We have been quick to lump Impact Team’s victims into two categories: person who has been cheated on, and person who has cheated. While the supposedly legitimate information of 37 million users has been available online for over a week now, these ‘users’ are nothing more than faceless representations of man’s (apparently) ingrained inability to be faithful. While alluding to these users as ‘victims’ could be deemed controversial in itself, the tactics used by Impact Team have been detrimental. Too often, the gross misuse of social media, the unwarranted leaking of information, and the distribution of private images has actually resulted in suicide. Just look at the likes of Formspring, AskFM, and any other anonymous social media outlet. While a lot of the people who use Ashley Madison may definitely be dishonest human beings, is it really our job to be their moral judges? Are we even sure what Impact Team’s agenda is?!
Before writing this article, I certainly was not aware of the group. And now as I’m writing it, I still haven’t been able to obtain a great deal of information on them. Apparently, the owners of Ashley Madison are prepared to give a $500,000 reward to anyone who can identify them. Mainstream media seems to be more focused on those who have been hacked, rather than those who launched the attack. What exactly is the benefit of their revelations? Has this breach actually aided society in any positive way, or has it just caused a media (and moral) frenzy? Wired reported that the Impact Team hacked the site because they were “…morally outraged at the behaviour its website condoned.” Wired also noted that another site which “connects beautiful young women with Sugar Daddies” was also hacked, while a site connecting older women to younger men was not. Yes okay, suggesting that only men are being targeted here is debatable, but they do appear to be the main focus of Impact Team’s agenda. Whatever that may be…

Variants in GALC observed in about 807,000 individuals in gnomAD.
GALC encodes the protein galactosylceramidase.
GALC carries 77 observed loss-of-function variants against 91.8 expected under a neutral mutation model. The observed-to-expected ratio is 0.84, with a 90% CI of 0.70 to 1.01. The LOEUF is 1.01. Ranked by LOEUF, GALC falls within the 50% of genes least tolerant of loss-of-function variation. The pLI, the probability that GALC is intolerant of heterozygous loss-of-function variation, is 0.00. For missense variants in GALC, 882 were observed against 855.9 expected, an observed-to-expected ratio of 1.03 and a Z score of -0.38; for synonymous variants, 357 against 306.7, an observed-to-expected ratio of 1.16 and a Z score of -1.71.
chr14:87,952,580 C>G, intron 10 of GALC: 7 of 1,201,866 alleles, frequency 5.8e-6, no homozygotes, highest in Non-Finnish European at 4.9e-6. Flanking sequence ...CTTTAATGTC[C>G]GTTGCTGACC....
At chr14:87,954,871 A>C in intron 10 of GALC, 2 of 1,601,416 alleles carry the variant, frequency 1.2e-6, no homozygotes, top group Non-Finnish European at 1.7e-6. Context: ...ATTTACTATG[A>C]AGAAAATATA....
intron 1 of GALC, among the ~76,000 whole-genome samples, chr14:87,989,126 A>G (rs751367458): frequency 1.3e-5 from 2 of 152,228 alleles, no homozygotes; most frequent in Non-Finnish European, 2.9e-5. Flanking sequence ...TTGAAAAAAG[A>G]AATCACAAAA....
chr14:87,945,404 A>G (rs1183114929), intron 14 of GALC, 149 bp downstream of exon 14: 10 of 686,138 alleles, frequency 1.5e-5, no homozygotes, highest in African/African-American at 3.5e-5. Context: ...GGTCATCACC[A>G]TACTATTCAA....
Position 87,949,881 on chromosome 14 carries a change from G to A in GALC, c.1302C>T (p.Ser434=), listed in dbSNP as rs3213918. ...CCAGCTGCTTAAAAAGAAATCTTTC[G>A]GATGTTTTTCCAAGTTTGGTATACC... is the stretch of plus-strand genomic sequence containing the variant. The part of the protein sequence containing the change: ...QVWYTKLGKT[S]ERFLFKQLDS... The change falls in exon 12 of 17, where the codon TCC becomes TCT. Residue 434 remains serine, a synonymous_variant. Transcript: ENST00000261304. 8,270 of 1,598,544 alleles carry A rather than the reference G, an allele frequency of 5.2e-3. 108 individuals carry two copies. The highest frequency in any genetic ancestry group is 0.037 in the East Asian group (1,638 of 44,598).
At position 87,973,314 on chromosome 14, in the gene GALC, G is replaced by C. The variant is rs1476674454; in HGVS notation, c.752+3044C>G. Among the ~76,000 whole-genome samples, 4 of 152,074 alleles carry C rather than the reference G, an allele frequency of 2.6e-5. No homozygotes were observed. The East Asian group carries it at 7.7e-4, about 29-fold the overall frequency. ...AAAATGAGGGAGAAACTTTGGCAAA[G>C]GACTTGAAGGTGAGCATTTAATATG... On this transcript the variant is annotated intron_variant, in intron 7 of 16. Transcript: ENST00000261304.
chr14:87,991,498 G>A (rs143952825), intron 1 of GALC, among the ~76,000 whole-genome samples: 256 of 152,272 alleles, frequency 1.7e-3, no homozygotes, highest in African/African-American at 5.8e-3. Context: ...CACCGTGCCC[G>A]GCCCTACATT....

The more information that gets leaked, the more the media becomes obsessed with ‘outing’ those involved. In an article that ignited a degree of excitement akin to that of a soap opera, the Irish Independent revealed that several well-known businessmen and TDs were registered with the site. It seems that many have forgotten, or simply refused to acknowledge, that people’s personal lives are at stake, and that private information does not exist for entertainment purposes. Mic.com have stated that the “…information dump included the email addresses, credit card info and personal profiles of millions of account holders.” While I wholeheartedly disagree with the ways Ashley Madison makes money, I also believe that mass amounts of personal information should not be so readily available for the world to see. Is the exposure of millions of (potential) cheaters really worth the conceivably fatal consequences for some of those involved?
While it would be worth asking why huge numbers of people may be cheating on their partners, an online witch hunt is probably not the best way to go about it. Yes, affairs are damaging – but so is the active disruption and destruction of millions of lives… And so is condemning those who may not even be guilty at all.
Images via thehayride.com